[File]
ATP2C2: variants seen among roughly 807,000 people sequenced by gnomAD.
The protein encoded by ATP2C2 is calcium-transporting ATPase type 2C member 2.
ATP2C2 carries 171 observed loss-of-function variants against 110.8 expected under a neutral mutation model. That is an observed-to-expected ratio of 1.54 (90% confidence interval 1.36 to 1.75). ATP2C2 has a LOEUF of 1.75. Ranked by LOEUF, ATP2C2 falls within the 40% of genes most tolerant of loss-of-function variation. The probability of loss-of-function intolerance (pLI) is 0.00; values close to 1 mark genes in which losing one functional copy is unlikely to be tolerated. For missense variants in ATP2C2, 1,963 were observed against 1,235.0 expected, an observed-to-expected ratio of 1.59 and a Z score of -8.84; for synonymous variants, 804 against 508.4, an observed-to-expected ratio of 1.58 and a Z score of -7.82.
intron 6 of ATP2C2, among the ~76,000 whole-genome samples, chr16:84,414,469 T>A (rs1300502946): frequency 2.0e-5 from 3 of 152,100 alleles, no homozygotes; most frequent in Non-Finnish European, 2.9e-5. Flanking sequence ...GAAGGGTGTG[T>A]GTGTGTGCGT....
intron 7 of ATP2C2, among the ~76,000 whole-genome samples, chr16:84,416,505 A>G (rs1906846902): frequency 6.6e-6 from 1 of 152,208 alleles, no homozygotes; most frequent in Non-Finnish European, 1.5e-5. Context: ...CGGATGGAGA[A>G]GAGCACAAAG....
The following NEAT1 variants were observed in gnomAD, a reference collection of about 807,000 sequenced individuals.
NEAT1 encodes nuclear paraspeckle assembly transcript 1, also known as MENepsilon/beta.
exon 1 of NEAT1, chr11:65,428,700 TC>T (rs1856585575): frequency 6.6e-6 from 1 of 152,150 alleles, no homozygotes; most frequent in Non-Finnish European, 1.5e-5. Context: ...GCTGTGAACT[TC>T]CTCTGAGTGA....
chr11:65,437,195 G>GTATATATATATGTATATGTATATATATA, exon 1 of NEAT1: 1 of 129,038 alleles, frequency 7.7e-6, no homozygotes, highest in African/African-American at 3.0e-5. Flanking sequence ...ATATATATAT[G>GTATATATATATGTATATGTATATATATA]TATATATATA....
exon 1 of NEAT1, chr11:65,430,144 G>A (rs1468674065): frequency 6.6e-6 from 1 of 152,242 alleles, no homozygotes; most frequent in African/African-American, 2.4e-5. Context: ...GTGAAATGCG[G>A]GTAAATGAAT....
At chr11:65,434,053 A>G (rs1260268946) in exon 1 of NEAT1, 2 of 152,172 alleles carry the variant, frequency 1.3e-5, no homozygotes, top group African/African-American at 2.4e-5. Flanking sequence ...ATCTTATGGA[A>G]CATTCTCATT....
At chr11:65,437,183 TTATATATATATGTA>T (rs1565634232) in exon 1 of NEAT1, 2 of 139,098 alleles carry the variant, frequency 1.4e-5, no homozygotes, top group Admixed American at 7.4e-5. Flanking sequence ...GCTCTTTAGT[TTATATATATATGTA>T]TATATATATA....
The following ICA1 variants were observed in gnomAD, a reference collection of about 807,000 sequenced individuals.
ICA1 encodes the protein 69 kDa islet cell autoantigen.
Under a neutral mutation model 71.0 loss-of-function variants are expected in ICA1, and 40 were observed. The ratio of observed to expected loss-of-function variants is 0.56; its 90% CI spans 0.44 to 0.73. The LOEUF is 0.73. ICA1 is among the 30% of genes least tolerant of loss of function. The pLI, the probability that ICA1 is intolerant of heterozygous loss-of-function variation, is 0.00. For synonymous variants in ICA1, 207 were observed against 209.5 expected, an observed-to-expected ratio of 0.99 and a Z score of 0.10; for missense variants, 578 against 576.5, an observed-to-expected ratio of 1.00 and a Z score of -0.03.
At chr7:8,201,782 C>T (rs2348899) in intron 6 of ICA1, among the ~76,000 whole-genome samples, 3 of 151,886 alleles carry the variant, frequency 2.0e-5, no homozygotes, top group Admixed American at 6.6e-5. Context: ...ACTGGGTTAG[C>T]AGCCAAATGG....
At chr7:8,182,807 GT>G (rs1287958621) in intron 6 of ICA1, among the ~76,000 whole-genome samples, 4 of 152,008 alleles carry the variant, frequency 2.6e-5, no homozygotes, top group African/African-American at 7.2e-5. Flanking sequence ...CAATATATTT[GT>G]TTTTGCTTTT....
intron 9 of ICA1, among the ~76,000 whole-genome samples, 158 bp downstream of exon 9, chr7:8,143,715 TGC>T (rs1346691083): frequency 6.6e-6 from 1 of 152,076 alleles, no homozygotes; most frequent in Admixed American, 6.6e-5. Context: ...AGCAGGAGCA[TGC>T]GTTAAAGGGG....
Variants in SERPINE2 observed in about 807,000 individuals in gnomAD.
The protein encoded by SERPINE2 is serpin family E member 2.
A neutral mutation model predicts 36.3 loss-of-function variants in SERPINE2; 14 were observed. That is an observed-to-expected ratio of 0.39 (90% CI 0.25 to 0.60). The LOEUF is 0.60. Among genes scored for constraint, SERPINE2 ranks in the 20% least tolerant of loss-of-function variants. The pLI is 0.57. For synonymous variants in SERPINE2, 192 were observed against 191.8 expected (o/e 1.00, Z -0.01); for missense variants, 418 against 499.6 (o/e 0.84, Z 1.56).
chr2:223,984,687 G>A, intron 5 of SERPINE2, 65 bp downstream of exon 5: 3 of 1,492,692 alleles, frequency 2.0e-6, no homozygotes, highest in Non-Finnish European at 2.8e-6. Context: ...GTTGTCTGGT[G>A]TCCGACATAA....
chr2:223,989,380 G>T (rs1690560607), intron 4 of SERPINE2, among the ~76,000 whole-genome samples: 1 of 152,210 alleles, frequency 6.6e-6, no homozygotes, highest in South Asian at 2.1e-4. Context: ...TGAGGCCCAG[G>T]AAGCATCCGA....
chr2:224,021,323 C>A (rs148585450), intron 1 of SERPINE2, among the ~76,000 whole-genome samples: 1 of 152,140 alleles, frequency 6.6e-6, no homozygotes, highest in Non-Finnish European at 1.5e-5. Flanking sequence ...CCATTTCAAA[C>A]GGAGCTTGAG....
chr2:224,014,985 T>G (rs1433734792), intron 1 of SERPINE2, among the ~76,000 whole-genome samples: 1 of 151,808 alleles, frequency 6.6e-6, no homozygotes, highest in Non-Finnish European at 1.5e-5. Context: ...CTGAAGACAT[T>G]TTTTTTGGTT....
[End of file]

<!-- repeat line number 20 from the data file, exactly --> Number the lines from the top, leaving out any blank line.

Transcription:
The protein encoded by SERPINE2 is serpin family E member 2.